15. I do not have children of my own, but I assist with the event organization for our students at the medical school where I work. They are in their twenties, but they will also become the doctors whom will be impacted by the outcome of the election.

  16. Enrique Herrera says

    I’m teaching my daughter how voting works by teaching her by voting What to eat by dinner time. By having her choose from one of three food choices, it sort of introduces choosing from a candidate that’s important to you.

  17. It has been interesting because my kids are actually old enough to begin understanding what is happening. They are full of question which has provided me an ease to teach them.

  18. We do teach them about the politics and always have them come and vote with us. He is always excited to get his I Voted sticker each year!

  19. Oh wow, what a cool campaign for kids to get them educated about the voting system!! Totally love this!! It’s so important to teach them these things and what a great way to do it!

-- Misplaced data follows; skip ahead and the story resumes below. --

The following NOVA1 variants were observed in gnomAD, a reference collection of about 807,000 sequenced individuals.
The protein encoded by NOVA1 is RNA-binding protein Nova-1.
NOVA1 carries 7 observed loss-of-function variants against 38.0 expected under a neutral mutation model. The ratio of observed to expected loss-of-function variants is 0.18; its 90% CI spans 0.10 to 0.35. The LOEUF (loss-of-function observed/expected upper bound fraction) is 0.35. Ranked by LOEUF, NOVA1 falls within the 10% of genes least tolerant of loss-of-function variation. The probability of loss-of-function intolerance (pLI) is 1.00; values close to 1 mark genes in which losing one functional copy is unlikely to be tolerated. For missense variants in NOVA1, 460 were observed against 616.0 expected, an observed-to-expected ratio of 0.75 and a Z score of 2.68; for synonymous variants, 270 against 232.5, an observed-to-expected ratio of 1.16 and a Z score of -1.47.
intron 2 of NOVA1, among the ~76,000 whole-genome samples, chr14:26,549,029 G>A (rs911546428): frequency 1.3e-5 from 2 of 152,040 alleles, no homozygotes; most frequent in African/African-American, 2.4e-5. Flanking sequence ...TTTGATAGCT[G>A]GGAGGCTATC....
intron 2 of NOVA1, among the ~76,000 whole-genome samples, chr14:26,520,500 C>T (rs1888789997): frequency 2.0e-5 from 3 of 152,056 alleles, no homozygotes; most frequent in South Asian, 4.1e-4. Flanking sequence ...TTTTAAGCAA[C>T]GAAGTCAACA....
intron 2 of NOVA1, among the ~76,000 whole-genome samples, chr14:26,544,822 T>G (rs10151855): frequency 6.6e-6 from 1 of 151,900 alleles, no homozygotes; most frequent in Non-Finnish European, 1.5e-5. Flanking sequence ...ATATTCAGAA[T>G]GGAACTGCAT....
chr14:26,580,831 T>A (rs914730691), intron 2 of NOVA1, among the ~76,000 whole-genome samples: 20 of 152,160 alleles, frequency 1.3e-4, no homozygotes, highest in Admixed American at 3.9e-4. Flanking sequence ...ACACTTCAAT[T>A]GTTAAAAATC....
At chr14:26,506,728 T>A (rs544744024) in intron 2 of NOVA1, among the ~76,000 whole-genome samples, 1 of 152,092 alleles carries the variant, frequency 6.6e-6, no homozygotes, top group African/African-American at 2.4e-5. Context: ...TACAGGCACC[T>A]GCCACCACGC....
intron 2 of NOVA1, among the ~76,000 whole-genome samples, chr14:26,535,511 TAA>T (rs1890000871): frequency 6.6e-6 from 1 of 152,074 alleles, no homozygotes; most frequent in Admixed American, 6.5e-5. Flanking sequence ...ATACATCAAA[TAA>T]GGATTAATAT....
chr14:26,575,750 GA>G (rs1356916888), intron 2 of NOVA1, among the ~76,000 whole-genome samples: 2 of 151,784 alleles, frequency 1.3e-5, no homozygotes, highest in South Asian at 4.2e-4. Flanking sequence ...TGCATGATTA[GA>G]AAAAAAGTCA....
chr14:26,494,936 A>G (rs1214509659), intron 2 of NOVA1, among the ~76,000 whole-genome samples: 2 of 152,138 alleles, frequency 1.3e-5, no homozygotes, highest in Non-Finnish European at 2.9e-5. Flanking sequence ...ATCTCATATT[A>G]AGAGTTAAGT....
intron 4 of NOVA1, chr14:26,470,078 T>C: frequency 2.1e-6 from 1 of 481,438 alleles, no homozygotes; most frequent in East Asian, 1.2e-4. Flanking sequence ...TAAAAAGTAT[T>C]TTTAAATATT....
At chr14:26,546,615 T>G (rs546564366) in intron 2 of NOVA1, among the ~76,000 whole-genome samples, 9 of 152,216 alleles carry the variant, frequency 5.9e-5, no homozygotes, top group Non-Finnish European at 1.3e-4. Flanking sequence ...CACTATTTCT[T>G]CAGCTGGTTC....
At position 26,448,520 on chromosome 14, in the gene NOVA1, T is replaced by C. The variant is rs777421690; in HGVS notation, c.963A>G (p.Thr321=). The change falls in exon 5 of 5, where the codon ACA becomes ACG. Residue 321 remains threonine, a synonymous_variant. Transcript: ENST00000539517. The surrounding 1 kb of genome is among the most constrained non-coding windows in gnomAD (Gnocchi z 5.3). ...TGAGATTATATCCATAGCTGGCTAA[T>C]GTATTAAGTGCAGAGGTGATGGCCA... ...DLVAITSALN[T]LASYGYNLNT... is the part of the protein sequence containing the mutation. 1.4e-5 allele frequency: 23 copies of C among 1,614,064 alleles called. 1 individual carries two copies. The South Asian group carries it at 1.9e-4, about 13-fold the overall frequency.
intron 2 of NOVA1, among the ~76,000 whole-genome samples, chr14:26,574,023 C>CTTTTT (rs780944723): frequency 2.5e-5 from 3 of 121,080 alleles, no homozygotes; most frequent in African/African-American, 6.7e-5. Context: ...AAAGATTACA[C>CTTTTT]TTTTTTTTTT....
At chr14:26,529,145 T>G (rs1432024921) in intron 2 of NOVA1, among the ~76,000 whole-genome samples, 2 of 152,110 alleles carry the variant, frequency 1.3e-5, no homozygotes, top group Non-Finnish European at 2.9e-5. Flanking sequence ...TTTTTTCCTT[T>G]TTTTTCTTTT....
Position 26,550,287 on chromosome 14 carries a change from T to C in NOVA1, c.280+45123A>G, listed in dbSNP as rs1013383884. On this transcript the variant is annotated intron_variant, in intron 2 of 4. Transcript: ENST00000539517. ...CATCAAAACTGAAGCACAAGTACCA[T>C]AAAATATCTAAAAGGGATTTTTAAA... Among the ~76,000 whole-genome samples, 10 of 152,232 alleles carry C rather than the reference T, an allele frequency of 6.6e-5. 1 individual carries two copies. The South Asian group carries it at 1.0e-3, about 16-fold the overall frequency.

20. Aw… what a great way to introduce this process to kids. This year its been pretty crazy, so its nice to see ways to keep it positive for everyone – especially kiddos!

  21. Maryann D. says

    My children are older so they already understand about the upcoming presidential election. But when they were young I did explain it to them and I tried to take them with me to vote.

  22. I love when brands and companies support and encourage voting. Good chance they’re getting the attention of some that might not otherwise care to vote.

  23. Michelle C says

    My kids are 9 and 13, so I’ve let them watch some of the debates and we have discussed a lot of the issues that we find important. Additionally, we’ve spent some time discussing how politics work, and also how the media plays a role in people’s perceptions.

  24. Great article! This election is crazy but definitely something to discuss with our children in a fun way!

  25. We talk about candidates and what they are to do if elected. Watch some things on tv and at school have mock elections.